Due to its compact spring calving system and rapidly growing herd size, the Irish dairy industry produces a large number of calves that are not needed for replacement in the dairy herd in a 2-3 months period every spring. Over 140,000 of these unweaned calves are exported to continental Europe for veal and beef production annually. Livestock transport, especially of young animals, is a topic of growing public concern due to its many challenges to animal welfare. Adverse effects on the welfare of calves include hunger, dehydration, social stress, discomfort, injury and infection, caused by a range of stressors such as prolonged food and water deprivation, extreme temperatures, handling and mixing with other animals, and exposure to novel pathogens and environments. Because of long fasting times and resulting hunger and energy depletion, long-distance transport is particularly challenging for calf welfare. Pre- and post-transport feeding are crucial factors in managing the adverse effects of prolonged fasting, but clinical and physiological data indicating welfare in relation to feeding practices on long-distance road and ferry journeys are lacking. Young unweaned calves are especially vulnerable to the impacts of transport due to an immature immune system and a lack of body reserves, but the ideal calf age for transport is yet to be determined. The aim of this project is to investigate strategies that may improve the welfare of unweaned dairy calves during and following long-distance transport. Specifically, it will assess how pre- and post transport feeding protocols and the age at which calves are exported affect various physiological, immunological, and health-based parameters of welfare. For this purpose, we will superimpose experimental treatments onto commercial long-distance exports from Ireland to the Netherlands and monitor calf welfare during and following transportation.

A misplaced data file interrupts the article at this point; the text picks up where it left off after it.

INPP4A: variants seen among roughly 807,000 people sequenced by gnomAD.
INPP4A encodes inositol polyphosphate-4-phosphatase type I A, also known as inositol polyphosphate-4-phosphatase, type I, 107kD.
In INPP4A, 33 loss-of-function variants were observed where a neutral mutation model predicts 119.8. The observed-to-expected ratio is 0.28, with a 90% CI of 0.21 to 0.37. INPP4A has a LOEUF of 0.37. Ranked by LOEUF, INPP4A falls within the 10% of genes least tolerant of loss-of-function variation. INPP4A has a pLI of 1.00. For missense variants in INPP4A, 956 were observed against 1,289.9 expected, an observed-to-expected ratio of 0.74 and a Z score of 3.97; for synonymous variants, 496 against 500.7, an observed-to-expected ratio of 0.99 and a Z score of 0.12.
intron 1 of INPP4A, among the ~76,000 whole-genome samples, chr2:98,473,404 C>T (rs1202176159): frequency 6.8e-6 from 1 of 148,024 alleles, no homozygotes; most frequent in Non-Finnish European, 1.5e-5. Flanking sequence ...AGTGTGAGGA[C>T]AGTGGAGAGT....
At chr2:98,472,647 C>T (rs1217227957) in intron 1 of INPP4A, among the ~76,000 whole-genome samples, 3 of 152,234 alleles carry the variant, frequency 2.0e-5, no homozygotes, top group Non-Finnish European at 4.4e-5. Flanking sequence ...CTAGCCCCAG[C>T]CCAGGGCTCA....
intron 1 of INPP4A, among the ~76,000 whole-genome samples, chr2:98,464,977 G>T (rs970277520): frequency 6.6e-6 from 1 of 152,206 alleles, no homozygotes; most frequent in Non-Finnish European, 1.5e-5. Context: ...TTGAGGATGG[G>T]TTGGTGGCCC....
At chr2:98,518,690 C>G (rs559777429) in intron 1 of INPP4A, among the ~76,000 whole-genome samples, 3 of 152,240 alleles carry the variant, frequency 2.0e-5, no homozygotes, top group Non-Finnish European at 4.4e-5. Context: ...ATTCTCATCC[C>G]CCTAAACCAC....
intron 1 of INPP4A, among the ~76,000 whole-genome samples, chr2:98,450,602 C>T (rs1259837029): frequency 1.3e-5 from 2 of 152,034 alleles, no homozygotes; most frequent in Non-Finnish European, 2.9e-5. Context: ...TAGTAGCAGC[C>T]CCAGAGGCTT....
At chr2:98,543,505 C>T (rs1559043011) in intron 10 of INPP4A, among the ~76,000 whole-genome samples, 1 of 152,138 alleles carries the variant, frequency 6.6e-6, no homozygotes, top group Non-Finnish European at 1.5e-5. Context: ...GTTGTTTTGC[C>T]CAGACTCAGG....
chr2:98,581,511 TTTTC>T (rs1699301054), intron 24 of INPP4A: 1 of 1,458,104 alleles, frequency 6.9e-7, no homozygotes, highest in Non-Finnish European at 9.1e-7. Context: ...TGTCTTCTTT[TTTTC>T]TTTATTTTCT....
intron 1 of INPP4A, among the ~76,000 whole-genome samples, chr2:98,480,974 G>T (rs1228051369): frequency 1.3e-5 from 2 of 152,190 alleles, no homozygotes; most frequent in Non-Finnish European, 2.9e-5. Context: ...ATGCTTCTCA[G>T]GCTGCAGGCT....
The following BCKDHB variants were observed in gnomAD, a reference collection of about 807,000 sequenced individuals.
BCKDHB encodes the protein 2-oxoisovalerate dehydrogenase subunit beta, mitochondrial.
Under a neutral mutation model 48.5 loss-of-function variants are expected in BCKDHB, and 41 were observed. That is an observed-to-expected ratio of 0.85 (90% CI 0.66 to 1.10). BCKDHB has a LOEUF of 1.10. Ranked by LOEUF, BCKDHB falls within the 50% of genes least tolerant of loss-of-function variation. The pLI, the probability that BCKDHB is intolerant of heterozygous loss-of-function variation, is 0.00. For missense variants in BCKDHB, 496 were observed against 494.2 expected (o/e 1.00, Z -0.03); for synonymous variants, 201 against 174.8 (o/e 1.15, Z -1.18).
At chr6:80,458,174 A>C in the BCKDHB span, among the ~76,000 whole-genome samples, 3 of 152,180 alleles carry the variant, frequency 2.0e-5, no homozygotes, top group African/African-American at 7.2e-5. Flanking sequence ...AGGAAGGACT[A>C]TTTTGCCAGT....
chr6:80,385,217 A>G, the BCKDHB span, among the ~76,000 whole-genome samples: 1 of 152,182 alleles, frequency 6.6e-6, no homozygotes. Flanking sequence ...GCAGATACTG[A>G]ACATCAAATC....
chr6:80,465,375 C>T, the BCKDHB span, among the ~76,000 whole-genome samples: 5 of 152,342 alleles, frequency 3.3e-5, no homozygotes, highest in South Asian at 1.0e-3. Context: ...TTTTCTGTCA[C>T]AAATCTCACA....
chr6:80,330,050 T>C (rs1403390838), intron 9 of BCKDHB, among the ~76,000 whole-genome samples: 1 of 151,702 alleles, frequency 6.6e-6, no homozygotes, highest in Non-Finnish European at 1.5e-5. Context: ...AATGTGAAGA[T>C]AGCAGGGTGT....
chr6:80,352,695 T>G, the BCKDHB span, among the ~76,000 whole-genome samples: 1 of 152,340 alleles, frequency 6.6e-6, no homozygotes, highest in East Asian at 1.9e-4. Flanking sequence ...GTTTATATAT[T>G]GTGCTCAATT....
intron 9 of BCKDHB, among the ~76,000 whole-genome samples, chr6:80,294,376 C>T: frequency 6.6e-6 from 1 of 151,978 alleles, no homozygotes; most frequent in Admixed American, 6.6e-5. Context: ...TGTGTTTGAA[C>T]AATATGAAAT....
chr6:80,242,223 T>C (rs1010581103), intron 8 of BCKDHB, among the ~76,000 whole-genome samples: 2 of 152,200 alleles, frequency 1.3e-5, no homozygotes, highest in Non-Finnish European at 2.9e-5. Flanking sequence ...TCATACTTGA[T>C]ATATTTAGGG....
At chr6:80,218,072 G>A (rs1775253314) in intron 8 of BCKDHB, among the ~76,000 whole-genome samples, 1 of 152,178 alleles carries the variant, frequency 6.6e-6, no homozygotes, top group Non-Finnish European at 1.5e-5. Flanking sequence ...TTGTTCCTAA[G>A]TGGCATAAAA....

|Effective start/end date||1/11/21 → …|
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